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First sous vide attempt

January 7th, 2013 · 1 Comment

Ever since picking up a copy of Modernist Cuisine at Home, I’ve been dying to try some sous vide cooking. So in December, I picked up a Hamilton Beach Manual Slow Cooker – I think it was on sale at the time for about $16. To go with it, I also picked up a DSV Temperature Controller to complete the Sous Vide set up.

Let me back up a second – Sous Vide is a cooking technique where you cook food slowly, sealed in plastic, at a controlled, and usually fairly low temperature. The benefit is that you get very juicy, very tender meat that has a degree of flavour and a quality of texture not achievable through any other cooking method. When Sous Vide was first popularized (at least when it first came to my attention), with the release of Thomas Keller’s book Under Pressure, the recommendation was that you buy a $1500 immersion circulator to do this kind of cooking.

And as I don’t have an immersion circulator, maybe that’s still the best way to do it. But in Modernist Cuisine at Home, Myrhvold and the team suggest that if this is beyond your budget, you can easily build your own with a crock pot and a temperature controller. So, a quick search on Amazon and I found this, which for $100 plus a $16 crock pot seemed like it was at least worth a try. If it worked, I’d have great food for the price of a meal out, and if it didn’t work out, well I could probably sell both items pretty easily.

So – tonight was the first attempt.

How did it work out? One word: Spectacular.

Seriously juicy chicken

No, really. It was great. The juiciest chicken I’ve ever had, and it was almost no work to cook.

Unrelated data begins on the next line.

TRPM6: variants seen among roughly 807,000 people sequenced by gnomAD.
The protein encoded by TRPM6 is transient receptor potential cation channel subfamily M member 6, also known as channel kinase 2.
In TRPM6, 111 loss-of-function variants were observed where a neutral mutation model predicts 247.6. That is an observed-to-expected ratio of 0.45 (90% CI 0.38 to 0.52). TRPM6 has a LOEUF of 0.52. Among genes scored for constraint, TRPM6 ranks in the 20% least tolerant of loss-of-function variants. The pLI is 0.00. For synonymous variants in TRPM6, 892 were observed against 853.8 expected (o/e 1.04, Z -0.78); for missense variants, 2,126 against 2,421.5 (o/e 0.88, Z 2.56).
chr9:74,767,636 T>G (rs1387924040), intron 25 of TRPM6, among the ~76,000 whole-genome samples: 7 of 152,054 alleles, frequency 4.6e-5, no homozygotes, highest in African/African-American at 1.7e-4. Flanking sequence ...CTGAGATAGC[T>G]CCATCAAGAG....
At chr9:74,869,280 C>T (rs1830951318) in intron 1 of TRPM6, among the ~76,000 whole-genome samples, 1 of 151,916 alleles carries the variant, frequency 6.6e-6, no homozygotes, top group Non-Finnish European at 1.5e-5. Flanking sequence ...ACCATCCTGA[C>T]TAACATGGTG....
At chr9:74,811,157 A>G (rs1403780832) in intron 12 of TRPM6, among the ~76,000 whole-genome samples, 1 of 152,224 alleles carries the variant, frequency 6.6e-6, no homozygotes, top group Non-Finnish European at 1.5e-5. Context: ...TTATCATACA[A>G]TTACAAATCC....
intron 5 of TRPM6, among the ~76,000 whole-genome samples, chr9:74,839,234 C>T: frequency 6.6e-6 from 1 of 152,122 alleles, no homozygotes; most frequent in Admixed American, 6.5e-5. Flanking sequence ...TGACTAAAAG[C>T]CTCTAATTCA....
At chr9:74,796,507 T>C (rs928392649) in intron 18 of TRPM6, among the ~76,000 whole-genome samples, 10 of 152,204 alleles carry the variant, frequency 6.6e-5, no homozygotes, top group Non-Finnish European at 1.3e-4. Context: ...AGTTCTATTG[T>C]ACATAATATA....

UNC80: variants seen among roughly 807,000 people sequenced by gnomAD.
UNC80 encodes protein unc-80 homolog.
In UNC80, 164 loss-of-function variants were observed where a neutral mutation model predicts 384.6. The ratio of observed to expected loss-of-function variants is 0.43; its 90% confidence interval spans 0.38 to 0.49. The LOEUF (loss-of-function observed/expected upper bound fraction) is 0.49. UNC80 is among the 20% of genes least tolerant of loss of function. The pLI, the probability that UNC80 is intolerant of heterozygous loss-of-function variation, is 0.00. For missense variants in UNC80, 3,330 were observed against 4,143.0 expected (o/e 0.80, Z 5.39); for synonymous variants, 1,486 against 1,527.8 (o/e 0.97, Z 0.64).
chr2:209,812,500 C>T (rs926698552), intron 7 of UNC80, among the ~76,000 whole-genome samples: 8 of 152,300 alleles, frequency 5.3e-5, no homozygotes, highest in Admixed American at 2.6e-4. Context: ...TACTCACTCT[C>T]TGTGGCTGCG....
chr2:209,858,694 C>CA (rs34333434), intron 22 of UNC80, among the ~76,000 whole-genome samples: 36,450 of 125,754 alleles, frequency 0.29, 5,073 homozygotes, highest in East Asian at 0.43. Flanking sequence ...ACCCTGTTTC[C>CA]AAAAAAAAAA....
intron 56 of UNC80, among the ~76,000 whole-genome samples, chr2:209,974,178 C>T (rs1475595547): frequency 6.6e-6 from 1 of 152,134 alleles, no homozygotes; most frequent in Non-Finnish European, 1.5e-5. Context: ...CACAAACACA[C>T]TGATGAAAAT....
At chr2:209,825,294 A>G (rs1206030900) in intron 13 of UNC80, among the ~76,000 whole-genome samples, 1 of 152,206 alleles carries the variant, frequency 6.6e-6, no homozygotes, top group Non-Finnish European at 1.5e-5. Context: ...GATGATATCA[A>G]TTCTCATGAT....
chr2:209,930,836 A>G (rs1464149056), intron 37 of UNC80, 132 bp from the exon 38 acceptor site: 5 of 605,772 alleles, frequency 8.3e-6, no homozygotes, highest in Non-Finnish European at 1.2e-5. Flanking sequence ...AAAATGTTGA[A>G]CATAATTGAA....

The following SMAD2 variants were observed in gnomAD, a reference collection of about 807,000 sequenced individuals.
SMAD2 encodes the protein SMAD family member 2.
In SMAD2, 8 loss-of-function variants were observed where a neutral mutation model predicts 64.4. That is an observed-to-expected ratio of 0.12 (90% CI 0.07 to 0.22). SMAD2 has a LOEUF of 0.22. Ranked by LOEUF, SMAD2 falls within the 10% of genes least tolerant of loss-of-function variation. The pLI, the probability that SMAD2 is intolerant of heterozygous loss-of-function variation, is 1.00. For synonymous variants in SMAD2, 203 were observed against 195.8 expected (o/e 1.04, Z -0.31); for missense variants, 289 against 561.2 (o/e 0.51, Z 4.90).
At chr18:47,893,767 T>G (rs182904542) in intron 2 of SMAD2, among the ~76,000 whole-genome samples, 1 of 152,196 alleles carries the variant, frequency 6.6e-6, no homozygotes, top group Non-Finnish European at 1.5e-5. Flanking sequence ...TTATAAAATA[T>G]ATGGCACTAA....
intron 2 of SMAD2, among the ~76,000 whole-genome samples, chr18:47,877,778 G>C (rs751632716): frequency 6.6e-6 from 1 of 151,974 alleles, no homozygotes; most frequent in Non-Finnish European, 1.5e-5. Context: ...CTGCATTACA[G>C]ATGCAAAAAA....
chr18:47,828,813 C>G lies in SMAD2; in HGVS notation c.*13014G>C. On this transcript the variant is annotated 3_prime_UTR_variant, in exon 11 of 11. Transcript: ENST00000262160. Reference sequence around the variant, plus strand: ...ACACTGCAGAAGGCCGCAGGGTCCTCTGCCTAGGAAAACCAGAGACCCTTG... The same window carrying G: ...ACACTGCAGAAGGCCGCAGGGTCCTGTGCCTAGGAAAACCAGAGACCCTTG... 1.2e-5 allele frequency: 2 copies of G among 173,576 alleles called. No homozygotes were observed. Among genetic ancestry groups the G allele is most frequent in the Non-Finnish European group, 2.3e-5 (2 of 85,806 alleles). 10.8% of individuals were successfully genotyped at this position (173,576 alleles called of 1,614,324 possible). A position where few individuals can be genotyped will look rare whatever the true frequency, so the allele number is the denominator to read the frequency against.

Disclaimer: Cooking sous vide isn’t for those who aren’t familiar with the risks it entails, and eating sous vide food isn’t for the young, the elderly, or those persons who are immunocompromised. Any sous vide project can go wrong and expose the diner to pathogenic bacteria, which may lead to serious illness. This blog isn’t intended to be a ‘how to’ guide, but rather just to relate my experiences with this cooking technique.

Ok, back to it. Here’s how it’s pretty easy: I filled the crock pot with water, plugged in the temperature controller, and set it for 150 degrees. I put the chicken thighs (2 each) in Ziploc bags, with 2 tsp of oil, and then using the water immersion technique (p. 58 in Modernist Cuisine at Home), got the air out of the bags. Once the water bath had reached temperature, I cooked the (now room temperature) chicken for 90 minutes. Pulled the chicken out, seasoned it with salt & pepper; the thighs with skin got seared in a dutch oven with a bit of oil in it for 2 minutes/side to crisp up the skin, and it was ready to go. Here’s some pics:

The sous vide setupThermapen vs DSV
Just out of the cookerMore appetizing

And that’s pretty much it. The chicken was perfectly moist, not at all overly chewy or rubbery, had tons of chicken flavour. As sous vide food can be kind of grey and unappetizing looking when it comes out of the cooker, I’d recommend getting thighs with skin/bone and giving them a quick fry in a pot with a few tbsp of oil just to crisp up the skin before serving. Or, use skinless and choose your favourite batter and go for a quick deep fry. As well – this wasn’t $10/lb chicken – this was discount club, frozen chicken thighs.

And this worked out way(yyyyyyy) better than the last time I tried to pressure cook a chicken. The pressure cooked chicken was wet and slightly tough, and had very little flavour. Granted, you can’t cook a whole chicken sous vide, but given the easy availability of chicken breasts & thighs, I can’t see a good reason to cook a whole chicken when you can cook it this well, this easily.

Your mileage may vary significantly. This cooking method is not foolproof, and your results can vary depending on the initial temperature of the meat, the quality of the meat, if you get the air out of the bags, and a lot of other factors. But for the food I had, today, likely with a pinch of luck, it worked out really, really well. Happy cooking!

Tags: Cooking at home · Modernist cuisine

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